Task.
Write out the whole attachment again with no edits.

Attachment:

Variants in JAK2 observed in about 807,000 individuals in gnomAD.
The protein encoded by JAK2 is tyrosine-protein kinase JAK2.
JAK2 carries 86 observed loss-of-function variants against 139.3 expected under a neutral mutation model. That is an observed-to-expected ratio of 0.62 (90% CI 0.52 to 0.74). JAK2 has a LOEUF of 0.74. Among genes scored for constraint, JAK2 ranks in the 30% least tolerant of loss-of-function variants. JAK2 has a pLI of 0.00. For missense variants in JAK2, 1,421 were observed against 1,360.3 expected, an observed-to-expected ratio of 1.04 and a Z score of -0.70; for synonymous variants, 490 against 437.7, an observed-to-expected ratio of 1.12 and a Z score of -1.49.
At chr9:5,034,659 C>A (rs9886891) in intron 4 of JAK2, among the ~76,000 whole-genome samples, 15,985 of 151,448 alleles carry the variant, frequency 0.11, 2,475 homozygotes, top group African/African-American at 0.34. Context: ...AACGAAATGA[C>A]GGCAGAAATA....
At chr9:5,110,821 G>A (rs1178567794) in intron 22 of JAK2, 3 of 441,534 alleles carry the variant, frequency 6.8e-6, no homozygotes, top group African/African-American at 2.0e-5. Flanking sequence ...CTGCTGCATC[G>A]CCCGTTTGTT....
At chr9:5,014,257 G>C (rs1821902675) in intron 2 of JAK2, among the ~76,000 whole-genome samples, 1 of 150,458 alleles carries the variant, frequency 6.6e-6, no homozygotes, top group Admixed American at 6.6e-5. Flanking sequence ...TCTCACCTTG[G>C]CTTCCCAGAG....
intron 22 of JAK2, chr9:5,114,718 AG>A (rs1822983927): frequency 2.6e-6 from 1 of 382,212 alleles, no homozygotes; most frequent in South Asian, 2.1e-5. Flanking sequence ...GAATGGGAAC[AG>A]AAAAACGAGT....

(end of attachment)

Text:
Variants in JAK2 observed in about 807,000 individuals in gnomAD.
The protein encoded by JAK2 is tyrosine-protein kinase JAK2.
JAK2 carries 86 observed loss-of-function variants against 139.3 expected under a neutral mutation model. That is an observed-to-expected ratio of 0.62 (90% CI 0.52 to 0.74). JAK2 has a LOEUF of 0.74. Among genes scored for constraint, JAK2 ranks in the 30% least tolerant of loss-of-function variants. JAK2 has a pLI of 0.00. For missense variants in JAK2, 1,421 were observed against 1,360.3 expected, an observed-to-expected ratio of 1.04 and a Z score of -0.70; for synonymous variants, 490 against 437.7, an observed-to-expected ratio of 1.12 and a Z score of -1.49.
At chr9:5,034,659 C>A (rs9886891) in intron 4 of JAK2, among the ~76,000 whole-genome samples, 15,985 of 151,448 alleles carry the variant, frequency 0.11, 2,475 homozygotes, top group African/African-American at 0.34. Context: ...AACGAAATGA[C>A]GGCAGAAATA....
At chr9:5,110,821 G>A (rs1178567794) in intron 22 of JAK2, 3 of 441,534 alleles carry the variant, frequency 6.8e-6, no homozygotes, top group African/African-American at 2.0e-5. Flanking sequence ...CTGCTGCATC[G>A]CCCGTTTGTT....
At chr9:5,014,257 G>C (rs1821902675) in intron 2 of JAK2, among the ~76,000 whole-genome samples, 1 of 150,458 alleles carries the variant, frequency 6.6e-6, no homozygotes, top group Admixed American at 6.6e-5. Flanking sequence ...TCTCACCTTG[G>C]CTTCCCAGAG....
intron 22 of JAK2, chr9:5,114,718 AG>A (rs1822983927): frequency 2.6e-6 from 1 of 382,212 alleles, no homozygotes; most frequent in South Asian, 2.1e-5. Flanking sequence ...GAATGGGAAC[AG>A]AAAAACGAGT....